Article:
The Savvy Frenchman, Nicolas Petit, has made his move and has positioned himself as the leader of the 2018 Iditarod. Any thoughts that anyone once had that Petit's dogs had lost their edge and their impressive speed — as seen in his slow run from Nikolai in to his 24 at McGrath — were quickly squashed after an impressive run off of his 24 in McGrath.
Petit, who once trailed early race leader Mitch Seavey by 15 minutes, pulled into the ghost town of Iditarod with a 50-minute lead on Seavey. Petit's savvy move to adjust and take his 24 earlier than expected in McGrath also put a significant distance in between the races leader into the halfway point of Iditarod, Joar Leifseth Ulsom, and himself and allowed Petit to leave Iditarod with a 2.5-hour lead over Ulsom. Although Ulsom, seemed confident in his decision to push to Iditarod for his 24, I am sure he will be second guessing that decision for many months to come!
If the race wasn't interesting enough already, there are some major strategic decisions that will come up in the next 200 miles as teams race to Kaltag and the beginning of the overland portage to the Bering Sea Coast. Leaving Iditarod, Petit made the first major strategic decision. Petit, as expected, just let all his competitors know that he is here to win and if they want to beat him, they better start making moves now. Mushers really only have two viable options for how to cover the 220-mile distance between Iditarod and Kaltag.
Option A: The 3-Run Maneuver now known as the Petit Move
Petit has made the biggest move of the 2018 race so far and after pushing to the front and taking the lead from Seavey, he continued to push and opted for a long run from the checkpoint of Iditarod blowing through Shageluk and arriving into Anvik after a solid 10-hour Run (Run 1) and claiming the first to the Yukon Award including cash and a five-course meal. From Anvik, Petit will most likely blow through Grayling and put on another solid 10-hour run before shutting it down in Eagle Island (Run 2). After his rest, he will push on with another 10-hour run into Kaltag (Run 3).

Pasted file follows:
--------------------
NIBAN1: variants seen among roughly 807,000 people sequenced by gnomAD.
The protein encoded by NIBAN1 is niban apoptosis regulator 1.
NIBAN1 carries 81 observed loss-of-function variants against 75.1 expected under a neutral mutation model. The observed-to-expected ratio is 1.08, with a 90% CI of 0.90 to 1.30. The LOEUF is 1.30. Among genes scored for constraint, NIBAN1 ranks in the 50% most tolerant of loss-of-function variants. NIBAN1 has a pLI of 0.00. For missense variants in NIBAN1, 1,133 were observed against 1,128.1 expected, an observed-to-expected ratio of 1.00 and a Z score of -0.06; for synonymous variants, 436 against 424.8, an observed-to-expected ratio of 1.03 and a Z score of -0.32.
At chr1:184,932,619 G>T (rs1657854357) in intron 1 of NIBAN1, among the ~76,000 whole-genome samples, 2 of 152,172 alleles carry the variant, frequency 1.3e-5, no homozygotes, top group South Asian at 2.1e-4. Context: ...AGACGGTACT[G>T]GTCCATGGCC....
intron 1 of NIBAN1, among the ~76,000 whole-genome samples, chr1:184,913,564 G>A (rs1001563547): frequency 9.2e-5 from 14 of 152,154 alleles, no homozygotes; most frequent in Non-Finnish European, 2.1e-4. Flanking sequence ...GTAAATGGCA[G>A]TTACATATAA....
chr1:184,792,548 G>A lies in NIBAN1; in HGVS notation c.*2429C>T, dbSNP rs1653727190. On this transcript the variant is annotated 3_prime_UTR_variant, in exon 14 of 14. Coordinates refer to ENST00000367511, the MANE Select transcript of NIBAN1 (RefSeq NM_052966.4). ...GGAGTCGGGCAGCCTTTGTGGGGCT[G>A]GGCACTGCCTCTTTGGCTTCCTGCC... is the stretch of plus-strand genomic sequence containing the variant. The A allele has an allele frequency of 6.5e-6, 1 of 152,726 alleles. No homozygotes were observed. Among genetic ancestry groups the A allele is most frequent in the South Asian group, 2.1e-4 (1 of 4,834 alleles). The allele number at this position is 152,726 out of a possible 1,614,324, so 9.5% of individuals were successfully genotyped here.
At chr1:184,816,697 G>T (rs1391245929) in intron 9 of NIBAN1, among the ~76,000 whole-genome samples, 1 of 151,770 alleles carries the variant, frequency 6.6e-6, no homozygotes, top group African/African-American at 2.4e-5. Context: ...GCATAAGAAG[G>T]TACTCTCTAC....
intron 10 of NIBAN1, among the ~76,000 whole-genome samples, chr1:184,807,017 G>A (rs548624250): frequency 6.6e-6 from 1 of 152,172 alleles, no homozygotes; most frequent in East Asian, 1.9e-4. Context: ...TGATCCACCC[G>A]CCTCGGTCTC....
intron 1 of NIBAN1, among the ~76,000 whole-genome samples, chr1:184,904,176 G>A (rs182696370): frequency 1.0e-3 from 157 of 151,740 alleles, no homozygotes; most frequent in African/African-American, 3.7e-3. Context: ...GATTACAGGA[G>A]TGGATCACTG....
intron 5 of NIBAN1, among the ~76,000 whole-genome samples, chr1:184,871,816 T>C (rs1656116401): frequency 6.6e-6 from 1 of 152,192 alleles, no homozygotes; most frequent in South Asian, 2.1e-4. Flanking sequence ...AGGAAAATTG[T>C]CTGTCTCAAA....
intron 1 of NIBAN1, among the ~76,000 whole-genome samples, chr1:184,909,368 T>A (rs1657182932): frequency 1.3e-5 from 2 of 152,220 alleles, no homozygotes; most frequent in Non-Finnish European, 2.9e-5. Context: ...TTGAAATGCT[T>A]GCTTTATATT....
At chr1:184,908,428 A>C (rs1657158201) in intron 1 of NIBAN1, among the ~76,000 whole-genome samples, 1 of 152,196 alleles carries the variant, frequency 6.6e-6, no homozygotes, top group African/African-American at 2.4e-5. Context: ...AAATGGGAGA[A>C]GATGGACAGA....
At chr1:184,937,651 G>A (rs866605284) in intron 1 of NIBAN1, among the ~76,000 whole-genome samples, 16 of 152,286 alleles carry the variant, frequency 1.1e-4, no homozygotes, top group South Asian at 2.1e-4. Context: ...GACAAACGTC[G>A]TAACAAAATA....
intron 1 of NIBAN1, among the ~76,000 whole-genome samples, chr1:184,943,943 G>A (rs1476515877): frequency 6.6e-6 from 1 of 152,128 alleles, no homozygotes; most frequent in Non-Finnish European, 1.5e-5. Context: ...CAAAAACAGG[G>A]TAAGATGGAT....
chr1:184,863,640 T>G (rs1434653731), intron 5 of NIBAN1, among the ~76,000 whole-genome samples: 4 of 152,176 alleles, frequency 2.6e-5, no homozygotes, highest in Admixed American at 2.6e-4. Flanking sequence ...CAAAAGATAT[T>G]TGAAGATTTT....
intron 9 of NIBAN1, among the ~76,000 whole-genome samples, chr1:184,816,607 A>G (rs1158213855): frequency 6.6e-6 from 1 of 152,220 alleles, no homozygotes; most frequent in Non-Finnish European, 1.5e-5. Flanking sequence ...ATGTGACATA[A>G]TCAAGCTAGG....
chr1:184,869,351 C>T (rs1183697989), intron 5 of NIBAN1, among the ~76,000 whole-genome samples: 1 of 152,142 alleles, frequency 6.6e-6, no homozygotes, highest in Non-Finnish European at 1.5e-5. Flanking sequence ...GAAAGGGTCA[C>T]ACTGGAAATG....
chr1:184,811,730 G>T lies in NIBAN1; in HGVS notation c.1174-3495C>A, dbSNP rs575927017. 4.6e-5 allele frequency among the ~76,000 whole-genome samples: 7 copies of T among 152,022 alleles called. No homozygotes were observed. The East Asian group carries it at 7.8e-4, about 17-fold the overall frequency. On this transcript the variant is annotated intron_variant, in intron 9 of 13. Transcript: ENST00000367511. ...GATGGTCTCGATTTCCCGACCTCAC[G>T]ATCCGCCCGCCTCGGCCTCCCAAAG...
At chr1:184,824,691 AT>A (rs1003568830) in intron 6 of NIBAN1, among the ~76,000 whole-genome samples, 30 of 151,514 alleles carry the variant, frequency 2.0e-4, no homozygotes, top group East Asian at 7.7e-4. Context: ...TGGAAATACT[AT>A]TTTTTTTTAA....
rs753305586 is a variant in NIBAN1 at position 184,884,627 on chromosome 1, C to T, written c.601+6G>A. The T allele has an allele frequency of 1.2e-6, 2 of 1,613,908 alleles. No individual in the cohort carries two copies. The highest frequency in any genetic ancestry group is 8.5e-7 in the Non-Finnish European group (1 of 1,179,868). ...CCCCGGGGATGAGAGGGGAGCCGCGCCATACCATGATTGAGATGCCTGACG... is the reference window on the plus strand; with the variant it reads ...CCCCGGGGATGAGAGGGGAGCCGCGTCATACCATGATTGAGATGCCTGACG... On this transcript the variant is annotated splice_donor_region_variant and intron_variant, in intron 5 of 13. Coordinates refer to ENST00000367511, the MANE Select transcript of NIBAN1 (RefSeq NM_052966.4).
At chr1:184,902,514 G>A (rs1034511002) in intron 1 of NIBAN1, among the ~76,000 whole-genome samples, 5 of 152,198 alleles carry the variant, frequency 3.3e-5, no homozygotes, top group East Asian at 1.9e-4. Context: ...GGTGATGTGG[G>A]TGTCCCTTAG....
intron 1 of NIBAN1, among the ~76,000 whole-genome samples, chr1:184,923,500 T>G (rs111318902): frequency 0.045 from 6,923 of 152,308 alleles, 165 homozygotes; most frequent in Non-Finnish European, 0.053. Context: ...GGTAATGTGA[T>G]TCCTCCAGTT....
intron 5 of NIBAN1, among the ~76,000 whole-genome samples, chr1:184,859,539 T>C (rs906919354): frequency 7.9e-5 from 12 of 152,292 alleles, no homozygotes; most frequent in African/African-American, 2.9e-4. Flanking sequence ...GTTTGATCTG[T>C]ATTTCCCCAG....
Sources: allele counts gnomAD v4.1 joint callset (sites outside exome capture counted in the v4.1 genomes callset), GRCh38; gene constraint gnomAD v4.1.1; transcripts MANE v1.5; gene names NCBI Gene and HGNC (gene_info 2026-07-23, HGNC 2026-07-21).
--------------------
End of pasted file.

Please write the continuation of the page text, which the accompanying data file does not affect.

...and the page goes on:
Option B: The 4-Run Maneuver
Mushers will run from Iditarod to Shageluk (Run 1) and shut their teams down for a rest and then blow through Anvik and rest once again in Grayling (Run 2). After Grayling, they will run the 62-mile stretch to Eagle Island (Run 3). After resting in Eagle Island, mushers will make their final push to Kaltag (Run 4) and the end of the Yukon River.
Surprisingly all the Top 10 have opted for Option A except for Petit!
With Petit's bold move, his 1-hour lead that he built going into Shageluk could easily turn into a 4-hour lead when the front teams leave Kaltag. This move doesn't come without some serious risk. Long runs can always slow a team down and with nearly 400 miles left of the 2018 Iditarod, if his team slows there will be plenty of teams behind him to pick him off. Petit, who pulled this move off back in 2013 the last time the Iditarod took the southern route, clearly knows the risk vs. reward in this strategic decision.
THE CHASE PACK:
The lead pack of three continues to strengthen and pull away from the chase pack. To no one's surprise these three veteran mushers also were at the front last year, with Seavey finishing first, Petit third, and Ulsom fourth. However, the chase pack is not giving up and the Top 10 is in a constant shuffle and after some big moves we see the dynamic duo of the Kuskokwim Boys rounding out the top five, with Richie Diehl pulling in fourth into Shageluk. His good friend and 4-time defending Kuskokwim 300 Champion, Pete Kaiser, was only 5 minutes behind. While there are no guarantees in Iditarod, it is a certainty that the villages along the Kuskokwim are going crazy with these two young stars in the Top 5.
Following the "Kuskokwim Two" and rounding out the Top 10 is Ray Redington, Wade Marrs, Jessie Royer, Linwood Fiedler and Aaron Burmeister. With only 40 minutes separating fourth place from 10th place, we are sure to see some incredible racing in the next 400 miles!
RECORD SETTING PACE?
No record-setting pace this year. Although the 2018 Iditarod seems to be flying by, it looks like when teams begin to depart Kaltag tomorrow night the race will be about 10 hours off of Seavey's record win last year when he finished in 8 days 3 hours and 40 min.